Seeding Success

First 8 Memphis

Early childhood education

First 8 Memphis seeks to address racial disparities in America by intentionally scaling comprehensive early childhood resources to Black and Low-income children in Memphis, TN.

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Lead Organization

Seeding Success

Memphis, Tennessee, United States

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To learn more about – or provide significant funding to – this project, please contact Lever for Change.

Project Summary

America is built on a history of racial injustice and violence. The effects of this are nowhere more evident than in the U.S. South. From slavery, Jim Crow, to Martin Luther King Jr.'s assassination in 1968, to the current epidemic of mass incarceration and poverty, Memphis has been at the center of this painful history. Recent mobility data continue to show that economic opportunity in America, and Memphis, remains entrenched against the map of our country's racial oppression. This history plays out in the neighborhoods, schools, and lives of the majority of Memphis' children, limiting their opportunity and pathways to their full potential. To combat this structural inequality, community organizations, leaders, activists, elected officials, and researchers came together to design and implement a system of nurturing and supportive resources Birth to Age 8. First 8 Memphis, when scaled, will serve the majority of vulnerable children 0-8 and their families.

Problem Statement

The majority of Memphis' children 0-8 are Black and Latino, ~32,000. These children grow up in one of America's most impovershed cities. These two facts are not a coincidence. A history of racialized opportunity and a systemic lack of resources for communities of color have compounded for generations in America, but are concentrated in Memphis. Growing inequality suggests that the future for these children will not significantly improve but could worsen. Our community is not willing to stand by and let this cycle on inequity continue to limit our children's and our city's potential. To begin to intervene, investments in the earliest moments of life, sustained from birth to age 8, can change a generation of outcomes for our children. The data and evidence suggest these early investments are some the most important ones Memphis and our nation can make. With a coordinated approach to support children and families, from their earliest moments as a family, we believe the realities of racial inequality can be change or at least be challenged. This begins by building on our success. By immediately investing in the expansion of existing high-quality programs into low-income communities, we can begin to mitigate the adverse effects of systemic poverty and racism on children and families, by: -providing continuous access to trusted high-quality nurturing environments for children 0-8; -supporting the quality of our early childhood workforce and programs; -increasing access to high-quality early education programs; and, -providing the child's family continuous supportive services for the first 8 years.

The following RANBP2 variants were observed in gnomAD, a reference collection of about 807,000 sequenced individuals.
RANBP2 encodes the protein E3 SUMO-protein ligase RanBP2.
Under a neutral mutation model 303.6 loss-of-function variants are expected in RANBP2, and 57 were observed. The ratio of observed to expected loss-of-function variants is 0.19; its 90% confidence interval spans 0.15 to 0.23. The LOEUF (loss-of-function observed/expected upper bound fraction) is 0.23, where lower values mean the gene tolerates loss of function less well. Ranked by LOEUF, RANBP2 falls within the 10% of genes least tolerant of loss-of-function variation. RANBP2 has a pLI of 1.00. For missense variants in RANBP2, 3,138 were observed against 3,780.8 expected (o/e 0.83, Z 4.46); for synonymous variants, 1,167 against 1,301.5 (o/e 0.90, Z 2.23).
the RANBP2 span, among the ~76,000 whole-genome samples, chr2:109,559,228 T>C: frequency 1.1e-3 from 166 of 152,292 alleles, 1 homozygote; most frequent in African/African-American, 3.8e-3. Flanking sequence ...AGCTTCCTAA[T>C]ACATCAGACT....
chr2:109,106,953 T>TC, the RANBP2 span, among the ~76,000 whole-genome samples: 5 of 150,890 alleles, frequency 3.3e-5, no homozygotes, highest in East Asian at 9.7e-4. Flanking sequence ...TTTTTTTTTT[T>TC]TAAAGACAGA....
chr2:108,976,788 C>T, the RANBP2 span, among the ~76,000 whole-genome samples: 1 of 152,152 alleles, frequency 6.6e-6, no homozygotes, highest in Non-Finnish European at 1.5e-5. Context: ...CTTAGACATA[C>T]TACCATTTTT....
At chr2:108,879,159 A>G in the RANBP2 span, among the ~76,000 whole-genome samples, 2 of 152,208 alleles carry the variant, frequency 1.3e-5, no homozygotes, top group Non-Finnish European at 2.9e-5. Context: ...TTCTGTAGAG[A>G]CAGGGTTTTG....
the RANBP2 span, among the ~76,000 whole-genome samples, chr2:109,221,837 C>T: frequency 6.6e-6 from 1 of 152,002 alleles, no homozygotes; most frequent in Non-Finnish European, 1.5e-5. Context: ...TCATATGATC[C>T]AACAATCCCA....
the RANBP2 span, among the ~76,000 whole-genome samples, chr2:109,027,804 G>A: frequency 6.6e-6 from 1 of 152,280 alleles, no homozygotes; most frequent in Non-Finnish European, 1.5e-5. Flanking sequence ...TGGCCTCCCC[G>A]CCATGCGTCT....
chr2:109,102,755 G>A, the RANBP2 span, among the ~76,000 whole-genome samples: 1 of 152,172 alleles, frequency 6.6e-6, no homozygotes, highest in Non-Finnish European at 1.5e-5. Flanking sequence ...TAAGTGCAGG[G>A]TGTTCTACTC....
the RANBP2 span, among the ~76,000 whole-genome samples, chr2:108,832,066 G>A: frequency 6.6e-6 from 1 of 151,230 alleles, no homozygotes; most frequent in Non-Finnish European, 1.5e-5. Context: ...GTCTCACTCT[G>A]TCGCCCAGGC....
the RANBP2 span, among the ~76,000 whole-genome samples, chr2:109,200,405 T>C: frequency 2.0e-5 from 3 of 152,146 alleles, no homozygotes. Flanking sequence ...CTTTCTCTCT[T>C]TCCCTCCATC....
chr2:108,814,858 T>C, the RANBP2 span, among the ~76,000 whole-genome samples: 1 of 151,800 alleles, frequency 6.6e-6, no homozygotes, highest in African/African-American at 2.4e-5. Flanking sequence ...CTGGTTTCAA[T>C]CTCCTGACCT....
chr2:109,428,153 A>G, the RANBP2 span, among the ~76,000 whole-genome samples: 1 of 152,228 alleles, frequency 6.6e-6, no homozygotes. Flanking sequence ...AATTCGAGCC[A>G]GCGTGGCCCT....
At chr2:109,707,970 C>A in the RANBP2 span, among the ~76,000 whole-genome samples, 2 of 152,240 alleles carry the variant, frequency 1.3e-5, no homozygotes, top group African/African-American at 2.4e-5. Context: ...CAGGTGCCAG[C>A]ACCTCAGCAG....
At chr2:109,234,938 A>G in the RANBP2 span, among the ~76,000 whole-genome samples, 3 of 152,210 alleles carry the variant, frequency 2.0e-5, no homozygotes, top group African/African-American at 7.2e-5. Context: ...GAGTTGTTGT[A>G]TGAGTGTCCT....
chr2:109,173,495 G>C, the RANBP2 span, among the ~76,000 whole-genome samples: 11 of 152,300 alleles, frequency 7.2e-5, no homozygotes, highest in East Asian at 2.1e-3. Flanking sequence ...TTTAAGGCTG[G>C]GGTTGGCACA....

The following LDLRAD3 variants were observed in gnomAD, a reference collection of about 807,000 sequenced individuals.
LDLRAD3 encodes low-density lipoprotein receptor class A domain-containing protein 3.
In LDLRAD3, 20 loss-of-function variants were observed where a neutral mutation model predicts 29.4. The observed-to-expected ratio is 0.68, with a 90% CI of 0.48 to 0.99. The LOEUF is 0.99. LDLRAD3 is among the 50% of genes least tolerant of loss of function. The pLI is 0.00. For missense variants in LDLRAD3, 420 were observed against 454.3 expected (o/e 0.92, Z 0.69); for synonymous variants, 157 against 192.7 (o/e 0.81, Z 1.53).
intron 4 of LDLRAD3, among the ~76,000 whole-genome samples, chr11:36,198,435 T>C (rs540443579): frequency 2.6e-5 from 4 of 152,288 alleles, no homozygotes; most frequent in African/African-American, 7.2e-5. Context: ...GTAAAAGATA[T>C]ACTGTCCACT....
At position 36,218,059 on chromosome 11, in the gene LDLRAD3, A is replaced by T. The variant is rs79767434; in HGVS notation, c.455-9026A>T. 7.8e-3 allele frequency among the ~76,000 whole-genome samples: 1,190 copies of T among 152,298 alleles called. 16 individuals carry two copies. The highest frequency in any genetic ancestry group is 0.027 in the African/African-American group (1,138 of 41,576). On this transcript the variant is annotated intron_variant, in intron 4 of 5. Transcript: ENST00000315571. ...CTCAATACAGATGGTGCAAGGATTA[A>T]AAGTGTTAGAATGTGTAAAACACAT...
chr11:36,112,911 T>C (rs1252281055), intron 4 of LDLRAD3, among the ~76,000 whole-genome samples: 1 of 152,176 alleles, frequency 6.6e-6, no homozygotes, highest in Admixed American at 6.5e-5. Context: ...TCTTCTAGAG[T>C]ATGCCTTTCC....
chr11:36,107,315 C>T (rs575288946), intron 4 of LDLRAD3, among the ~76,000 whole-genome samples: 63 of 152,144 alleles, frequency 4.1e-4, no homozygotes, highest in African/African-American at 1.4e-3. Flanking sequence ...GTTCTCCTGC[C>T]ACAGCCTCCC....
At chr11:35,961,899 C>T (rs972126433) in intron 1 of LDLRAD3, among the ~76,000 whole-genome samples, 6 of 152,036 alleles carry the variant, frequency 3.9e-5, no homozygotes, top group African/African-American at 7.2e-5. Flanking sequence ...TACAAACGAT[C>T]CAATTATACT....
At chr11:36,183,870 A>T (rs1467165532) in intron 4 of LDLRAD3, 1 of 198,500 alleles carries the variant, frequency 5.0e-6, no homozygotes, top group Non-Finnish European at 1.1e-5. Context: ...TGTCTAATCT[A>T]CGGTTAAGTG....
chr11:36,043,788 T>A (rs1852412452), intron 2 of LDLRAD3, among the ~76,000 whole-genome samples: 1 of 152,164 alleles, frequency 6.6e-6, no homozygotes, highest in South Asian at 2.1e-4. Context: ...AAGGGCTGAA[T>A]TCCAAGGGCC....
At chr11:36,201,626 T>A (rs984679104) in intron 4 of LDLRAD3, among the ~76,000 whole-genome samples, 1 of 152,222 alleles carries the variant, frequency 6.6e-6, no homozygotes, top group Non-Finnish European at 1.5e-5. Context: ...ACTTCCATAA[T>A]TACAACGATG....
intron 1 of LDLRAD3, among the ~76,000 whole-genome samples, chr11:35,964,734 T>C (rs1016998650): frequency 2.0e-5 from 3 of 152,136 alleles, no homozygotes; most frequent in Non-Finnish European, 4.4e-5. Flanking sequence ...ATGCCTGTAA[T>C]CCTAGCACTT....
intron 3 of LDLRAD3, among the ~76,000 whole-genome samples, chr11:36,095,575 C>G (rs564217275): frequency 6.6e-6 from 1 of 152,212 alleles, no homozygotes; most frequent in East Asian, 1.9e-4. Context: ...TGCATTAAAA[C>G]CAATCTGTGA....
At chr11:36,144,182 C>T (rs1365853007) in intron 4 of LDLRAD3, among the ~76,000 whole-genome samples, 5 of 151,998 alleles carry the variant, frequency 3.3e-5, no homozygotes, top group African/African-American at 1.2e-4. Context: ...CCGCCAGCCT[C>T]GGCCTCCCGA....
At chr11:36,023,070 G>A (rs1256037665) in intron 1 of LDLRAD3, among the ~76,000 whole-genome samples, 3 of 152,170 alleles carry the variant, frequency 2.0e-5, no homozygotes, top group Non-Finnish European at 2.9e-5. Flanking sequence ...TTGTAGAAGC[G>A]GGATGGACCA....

Solution Overview

In recognition of the lack of racial and economic progress achieved at the observance of the 50th anniversary of Dr. King's assassination in Memphis (04/04/2018), Public and private leaders committed publicly to an ambitious plan to scale early childhood interventions. Vulnerable children in Memphis, nearly all Black or Latino and growing up in some of the Nation's most entrenched poverty, will have access to integrated resources and supports from birth to age 8 (early home-visiting, child care, Pre-K, summer learning programs, 2 Generation supports, etc.). Additionally, public funding will be aggressively pursued to sustain these efforts at scale.Seeding Success has refined this plan into a model for how communities can leverage private, local, state and federal dollars differently to scale and coordinate early childhood programs, enhance family economic well-being, and begin to dismantle systemic racial inequality at scale. Our community is already making progress with lower rates of infant mortality, improved school readiness and k-12 outcomes, and reductions in poverty rates; but, the change is only incremental. We will know we are making faster progress by achieving clear targets for infant and maternal well-being, on-track child development, school outcomes, and improved family stability. This strategy will have an impact on the majority of Memphis' children that live in poverty 0-8, ~32,000; and, the improvement of outcomes for these children may extend into benefits for subsequent generations and the community. Ultimately, Black and Latino children will know that their lives matter, and that they are truly valued in their village.

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Project Funders

  • Urban Child Institute 2020 - 2025
  • Pyramid Peak 2020 - 2025
  • City/County Gov. 2019 - 2023

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